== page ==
The BJP was leading in 117 seats in the 224-member assembly, according to the television channel NDTV 24x7. The Congress party, which has governed Karnataka for the last five years, was ahead in 59 seats, it said. Regional party Janata Dal (Secular) was leading in 44 seats. A party needs 112 seats for a majority in the state assembly.
Winning Karnataka -- a state of that is home to Bengaluru, the IT hub of India -- will boost the BJP's confidence ahead of the general election. And it means the Congress party, which ruled India for most of its independent history, now only controls one large Indian state, making it more difficult to revive the party's momentum.
It demonstrates the BJP has popular support outside its traditional base of support in north and western India, said Pratyush Rao, associate director for India and South Asia at Control Risks, a consultancy.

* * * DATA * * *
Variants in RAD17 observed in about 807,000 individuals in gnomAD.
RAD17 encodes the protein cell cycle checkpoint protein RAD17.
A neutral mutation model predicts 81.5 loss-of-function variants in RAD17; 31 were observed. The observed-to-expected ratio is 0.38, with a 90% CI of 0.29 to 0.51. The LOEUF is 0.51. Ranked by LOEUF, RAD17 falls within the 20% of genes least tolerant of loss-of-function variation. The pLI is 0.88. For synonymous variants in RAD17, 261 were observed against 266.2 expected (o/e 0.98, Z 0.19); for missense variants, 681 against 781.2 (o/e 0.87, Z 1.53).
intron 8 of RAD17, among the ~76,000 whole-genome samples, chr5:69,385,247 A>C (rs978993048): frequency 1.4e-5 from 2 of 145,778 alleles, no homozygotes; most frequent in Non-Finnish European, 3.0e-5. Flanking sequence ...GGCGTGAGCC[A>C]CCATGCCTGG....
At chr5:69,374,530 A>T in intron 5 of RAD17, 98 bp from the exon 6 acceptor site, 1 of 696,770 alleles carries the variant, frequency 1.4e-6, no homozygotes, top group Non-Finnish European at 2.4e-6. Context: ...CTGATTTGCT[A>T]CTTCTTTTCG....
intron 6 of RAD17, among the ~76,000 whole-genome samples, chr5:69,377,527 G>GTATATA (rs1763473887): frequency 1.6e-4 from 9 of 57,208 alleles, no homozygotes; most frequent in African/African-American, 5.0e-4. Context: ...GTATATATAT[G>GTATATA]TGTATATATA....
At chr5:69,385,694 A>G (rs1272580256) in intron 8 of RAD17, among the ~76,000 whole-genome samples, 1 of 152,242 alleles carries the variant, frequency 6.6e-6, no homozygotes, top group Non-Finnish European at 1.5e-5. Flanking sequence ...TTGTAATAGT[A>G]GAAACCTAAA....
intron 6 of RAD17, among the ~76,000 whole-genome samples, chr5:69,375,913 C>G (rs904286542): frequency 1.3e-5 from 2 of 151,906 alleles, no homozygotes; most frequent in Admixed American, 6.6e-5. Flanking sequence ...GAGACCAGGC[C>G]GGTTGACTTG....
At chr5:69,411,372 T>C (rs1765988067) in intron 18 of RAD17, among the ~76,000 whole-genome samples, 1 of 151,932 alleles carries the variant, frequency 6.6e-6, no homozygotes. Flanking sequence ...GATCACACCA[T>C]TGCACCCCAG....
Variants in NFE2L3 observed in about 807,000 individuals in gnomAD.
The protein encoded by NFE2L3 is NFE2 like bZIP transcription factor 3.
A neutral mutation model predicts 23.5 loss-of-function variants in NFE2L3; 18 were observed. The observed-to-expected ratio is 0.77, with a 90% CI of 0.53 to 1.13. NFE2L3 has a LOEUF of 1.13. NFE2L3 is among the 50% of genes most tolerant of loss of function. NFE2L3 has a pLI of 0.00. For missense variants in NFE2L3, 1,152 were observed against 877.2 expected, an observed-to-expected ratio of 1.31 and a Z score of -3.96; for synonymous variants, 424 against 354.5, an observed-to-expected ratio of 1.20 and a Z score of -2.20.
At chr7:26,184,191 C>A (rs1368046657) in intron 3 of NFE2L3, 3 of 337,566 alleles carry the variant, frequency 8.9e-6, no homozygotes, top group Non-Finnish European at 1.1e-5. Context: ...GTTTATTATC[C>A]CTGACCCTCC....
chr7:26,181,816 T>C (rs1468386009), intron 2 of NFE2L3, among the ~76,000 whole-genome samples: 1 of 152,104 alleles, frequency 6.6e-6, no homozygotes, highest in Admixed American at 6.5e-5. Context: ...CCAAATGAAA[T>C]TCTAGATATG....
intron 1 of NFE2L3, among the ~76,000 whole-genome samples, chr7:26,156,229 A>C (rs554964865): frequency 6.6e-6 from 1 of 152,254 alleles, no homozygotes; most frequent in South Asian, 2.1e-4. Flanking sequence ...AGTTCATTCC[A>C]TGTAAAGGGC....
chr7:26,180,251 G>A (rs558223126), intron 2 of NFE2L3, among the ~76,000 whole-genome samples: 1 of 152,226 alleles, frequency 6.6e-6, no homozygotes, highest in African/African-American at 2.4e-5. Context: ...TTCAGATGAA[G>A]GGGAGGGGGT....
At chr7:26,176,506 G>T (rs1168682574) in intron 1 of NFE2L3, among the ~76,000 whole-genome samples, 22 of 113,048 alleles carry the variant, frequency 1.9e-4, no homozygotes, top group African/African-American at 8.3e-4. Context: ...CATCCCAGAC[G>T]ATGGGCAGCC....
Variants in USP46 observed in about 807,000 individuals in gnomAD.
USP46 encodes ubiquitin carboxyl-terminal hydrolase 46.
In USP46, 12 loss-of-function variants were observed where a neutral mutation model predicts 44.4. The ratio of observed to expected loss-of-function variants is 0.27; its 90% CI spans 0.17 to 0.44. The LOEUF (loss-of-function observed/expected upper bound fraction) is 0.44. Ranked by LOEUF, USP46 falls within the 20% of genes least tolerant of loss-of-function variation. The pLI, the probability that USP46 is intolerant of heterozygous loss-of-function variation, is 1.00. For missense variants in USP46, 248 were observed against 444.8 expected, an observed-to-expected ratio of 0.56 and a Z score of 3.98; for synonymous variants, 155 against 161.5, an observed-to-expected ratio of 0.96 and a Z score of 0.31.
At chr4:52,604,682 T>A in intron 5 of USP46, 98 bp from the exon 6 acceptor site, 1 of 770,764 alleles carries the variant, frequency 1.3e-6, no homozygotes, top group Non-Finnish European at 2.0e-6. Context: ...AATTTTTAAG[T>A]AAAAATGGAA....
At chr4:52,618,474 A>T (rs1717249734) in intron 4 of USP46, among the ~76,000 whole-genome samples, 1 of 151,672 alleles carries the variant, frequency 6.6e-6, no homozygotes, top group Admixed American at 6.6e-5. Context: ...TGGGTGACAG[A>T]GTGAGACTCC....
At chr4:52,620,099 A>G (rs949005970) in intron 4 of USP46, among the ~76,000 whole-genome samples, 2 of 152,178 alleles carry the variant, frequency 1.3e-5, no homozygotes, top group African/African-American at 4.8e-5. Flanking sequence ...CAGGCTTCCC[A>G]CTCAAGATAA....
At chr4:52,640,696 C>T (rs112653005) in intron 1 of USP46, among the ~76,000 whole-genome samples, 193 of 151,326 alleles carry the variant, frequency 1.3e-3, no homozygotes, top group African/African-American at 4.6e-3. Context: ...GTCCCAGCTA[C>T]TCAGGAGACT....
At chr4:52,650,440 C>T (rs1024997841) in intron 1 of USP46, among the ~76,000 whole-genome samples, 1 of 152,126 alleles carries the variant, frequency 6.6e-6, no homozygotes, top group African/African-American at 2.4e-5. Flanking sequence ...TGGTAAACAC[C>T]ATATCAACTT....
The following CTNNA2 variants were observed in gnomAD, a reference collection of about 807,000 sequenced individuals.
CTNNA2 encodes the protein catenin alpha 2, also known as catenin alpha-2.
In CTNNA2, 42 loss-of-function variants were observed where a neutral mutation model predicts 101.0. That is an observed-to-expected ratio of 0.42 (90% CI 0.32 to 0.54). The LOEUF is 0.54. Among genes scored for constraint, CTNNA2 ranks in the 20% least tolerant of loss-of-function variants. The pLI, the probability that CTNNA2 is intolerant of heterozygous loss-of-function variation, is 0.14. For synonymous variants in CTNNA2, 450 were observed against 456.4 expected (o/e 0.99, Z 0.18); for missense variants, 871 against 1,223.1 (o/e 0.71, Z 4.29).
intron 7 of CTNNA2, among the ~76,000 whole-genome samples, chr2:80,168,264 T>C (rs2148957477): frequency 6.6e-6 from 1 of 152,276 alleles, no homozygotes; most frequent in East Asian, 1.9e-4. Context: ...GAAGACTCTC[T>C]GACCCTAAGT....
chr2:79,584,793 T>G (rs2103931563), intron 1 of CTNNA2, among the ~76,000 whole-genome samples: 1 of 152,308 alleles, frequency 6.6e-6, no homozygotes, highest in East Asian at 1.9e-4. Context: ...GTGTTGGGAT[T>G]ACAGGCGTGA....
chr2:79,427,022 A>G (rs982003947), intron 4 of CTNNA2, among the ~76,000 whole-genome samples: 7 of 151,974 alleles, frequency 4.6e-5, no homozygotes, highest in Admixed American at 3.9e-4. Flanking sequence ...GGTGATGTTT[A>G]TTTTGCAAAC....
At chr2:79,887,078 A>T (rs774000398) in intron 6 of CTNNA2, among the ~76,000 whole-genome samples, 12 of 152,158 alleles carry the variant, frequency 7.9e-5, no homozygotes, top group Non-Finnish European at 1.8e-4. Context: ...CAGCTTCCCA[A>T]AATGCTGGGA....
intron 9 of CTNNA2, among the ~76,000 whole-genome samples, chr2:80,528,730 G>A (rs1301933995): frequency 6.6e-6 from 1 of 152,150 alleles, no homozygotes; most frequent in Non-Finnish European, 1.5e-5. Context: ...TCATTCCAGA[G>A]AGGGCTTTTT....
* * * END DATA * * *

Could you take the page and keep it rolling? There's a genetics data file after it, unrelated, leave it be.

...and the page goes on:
"Although the election was fought on local issues, the BJP's performance will put to rest growing speculation, particularly in the aftermath of recent by-election losses in Rajasthan and Uttar Pradesh, of the party losing political momentum due to factors such as mounting rural distress and poor job creation," Rao said. "Where the primary electoral contest is between the BJP and the Congress, the BJP remains the party of choice."
Karnataka, home to local offices of Intel Corp., General Electric Co. and International Business Machines Corp, has swung from party to party since 1985. The electoral contest has descended into bitterness in recent weeks as PM Modi and Congress President Rahul Gandhi addressed rallies and traded barbs on corruption and farmers welfare policies.
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